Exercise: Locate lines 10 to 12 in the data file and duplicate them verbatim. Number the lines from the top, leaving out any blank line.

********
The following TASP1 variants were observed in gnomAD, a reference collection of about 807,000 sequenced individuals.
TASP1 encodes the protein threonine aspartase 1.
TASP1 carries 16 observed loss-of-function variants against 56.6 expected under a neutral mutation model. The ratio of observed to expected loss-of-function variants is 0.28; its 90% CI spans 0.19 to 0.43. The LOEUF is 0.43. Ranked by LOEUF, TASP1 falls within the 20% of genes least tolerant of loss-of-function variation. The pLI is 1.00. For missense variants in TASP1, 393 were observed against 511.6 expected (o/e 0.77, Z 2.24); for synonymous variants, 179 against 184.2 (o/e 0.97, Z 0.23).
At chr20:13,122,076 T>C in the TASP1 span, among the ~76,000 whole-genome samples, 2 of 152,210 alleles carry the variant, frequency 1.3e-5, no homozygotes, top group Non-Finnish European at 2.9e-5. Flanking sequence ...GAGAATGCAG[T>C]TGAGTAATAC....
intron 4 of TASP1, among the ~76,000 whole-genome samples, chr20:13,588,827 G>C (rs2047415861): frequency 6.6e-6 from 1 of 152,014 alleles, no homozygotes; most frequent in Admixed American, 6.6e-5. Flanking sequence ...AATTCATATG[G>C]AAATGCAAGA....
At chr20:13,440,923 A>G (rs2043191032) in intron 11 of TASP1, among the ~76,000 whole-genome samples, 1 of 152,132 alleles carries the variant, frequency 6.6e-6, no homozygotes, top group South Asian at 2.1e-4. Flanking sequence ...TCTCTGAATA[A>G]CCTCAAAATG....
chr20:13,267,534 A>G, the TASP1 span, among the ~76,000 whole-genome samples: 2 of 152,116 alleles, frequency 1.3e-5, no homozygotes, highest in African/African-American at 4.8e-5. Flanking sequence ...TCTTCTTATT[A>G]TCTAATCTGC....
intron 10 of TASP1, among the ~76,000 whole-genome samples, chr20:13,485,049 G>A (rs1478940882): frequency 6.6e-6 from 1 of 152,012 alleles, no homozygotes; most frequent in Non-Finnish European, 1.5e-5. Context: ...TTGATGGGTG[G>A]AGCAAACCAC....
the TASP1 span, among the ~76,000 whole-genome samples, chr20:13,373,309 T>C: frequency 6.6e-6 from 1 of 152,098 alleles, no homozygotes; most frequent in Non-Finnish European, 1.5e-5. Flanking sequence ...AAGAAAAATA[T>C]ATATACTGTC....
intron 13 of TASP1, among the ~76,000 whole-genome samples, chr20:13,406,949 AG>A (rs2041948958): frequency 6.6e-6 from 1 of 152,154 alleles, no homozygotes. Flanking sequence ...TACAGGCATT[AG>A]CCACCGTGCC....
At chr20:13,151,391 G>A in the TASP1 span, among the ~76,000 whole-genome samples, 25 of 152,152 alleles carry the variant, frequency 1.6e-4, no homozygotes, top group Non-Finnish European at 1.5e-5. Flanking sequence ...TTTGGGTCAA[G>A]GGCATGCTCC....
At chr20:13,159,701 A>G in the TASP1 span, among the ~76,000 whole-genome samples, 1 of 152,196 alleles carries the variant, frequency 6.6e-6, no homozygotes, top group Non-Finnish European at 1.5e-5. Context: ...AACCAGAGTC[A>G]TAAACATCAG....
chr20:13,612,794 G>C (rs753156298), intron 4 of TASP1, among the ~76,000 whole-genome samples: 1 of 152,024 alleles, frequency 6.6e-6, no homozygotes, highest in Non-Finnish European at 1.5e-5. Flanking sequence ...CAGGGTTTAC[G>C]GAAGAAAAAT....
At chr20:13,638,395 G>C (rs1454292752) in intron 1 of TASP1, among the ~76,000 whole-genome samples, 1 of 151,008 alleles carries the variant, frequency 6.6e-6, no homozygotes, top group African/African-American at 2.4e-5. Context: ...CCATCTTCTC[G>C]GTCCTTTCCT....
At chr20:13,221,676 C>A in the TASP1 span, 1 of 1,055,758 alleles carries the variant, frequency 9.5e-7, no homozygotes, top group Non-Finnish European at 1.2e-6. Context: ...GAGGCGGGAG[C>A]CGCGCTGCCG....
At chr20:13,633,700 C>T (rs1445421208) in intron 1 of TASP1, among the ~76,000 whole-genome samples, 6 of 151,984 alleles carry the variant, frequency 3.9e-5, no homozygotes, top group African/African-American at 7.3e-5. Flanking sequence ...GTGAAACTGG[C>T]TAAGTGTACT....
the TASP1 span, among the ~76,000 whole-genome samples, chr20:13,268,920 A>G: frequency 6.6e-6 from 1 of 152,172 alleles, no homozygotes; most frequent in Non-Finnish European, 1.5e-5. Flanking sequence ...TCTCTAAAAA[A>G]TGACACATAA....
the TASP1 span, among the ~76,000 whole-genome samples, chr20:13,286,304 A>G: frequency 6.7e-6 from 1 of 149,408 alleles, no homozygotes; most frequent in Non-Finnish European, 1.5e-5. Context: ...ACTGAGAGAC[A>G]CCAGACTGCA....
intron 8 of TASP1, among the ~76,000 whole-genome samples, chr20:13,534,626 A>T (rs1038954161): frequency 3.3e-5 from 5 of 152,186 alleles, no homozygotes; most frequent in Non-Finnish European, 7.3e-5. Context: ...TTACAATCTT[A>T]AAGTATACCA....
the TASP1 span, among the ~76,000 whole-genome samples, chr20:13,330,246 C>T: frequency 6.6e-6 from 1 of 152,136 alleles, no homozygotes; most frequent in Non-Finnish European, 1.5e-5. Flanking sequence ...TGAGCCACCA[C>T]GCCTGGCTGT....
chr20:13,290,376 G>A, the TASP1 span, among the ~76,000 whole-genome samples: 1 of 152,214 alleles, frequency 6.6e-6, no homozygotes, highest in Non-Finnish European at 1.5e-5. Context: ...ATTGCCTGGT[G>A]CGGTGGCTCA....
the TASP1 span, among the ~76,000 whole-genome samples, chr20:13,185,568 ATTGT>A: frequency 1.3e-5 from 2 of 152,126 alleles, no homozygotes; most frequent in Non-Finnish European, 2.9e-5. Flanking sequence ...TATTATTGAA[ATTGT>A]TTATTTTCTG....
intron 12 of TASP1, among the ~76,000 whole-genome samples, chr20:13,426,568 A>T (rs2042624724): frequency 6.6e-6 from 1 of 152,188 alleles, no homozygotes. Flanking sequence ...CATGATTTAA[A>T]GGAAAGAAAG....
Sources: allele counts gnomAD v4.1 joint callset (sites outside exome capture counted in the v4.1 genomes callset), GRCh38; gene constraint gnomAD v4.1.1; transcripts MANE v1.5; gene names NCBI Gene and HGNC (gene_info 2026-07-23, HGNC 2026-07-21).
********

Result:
intron 13 of TASP1, among the ~76,000 whole-genome samples, chr20:13,406,949 AG>A (rs2041948958): frequency 6.6e-6 from 1 of 152,154 alleles, no homozygotes. Flanking sequence ...TACAGGCATT[AG>A]CCACCGTGCC....
At chr20:13,151,391 G>A in the TASP1 span, among the ~76,000 whole-genome samples, 25 of 152,152 alleles carry the variant, frequency 1.6e-4, no homozygotes, top group Non-Finnish European at 1.5e-5. Flanking sequence ...TTTGGGTCAA[G>A]GGCATGCTCC....
At chr20:13,159,701 A>G in the TASP1 span, among the ~76,000 whole-genome samples, 1 of 152,196 alleles carries the variant, frequency 6.6e-6, no homozygotes, top group Non-Finnish European at 1.5e-5. Context: ...AACCAGAGTC[A>G]TAAACATCAG....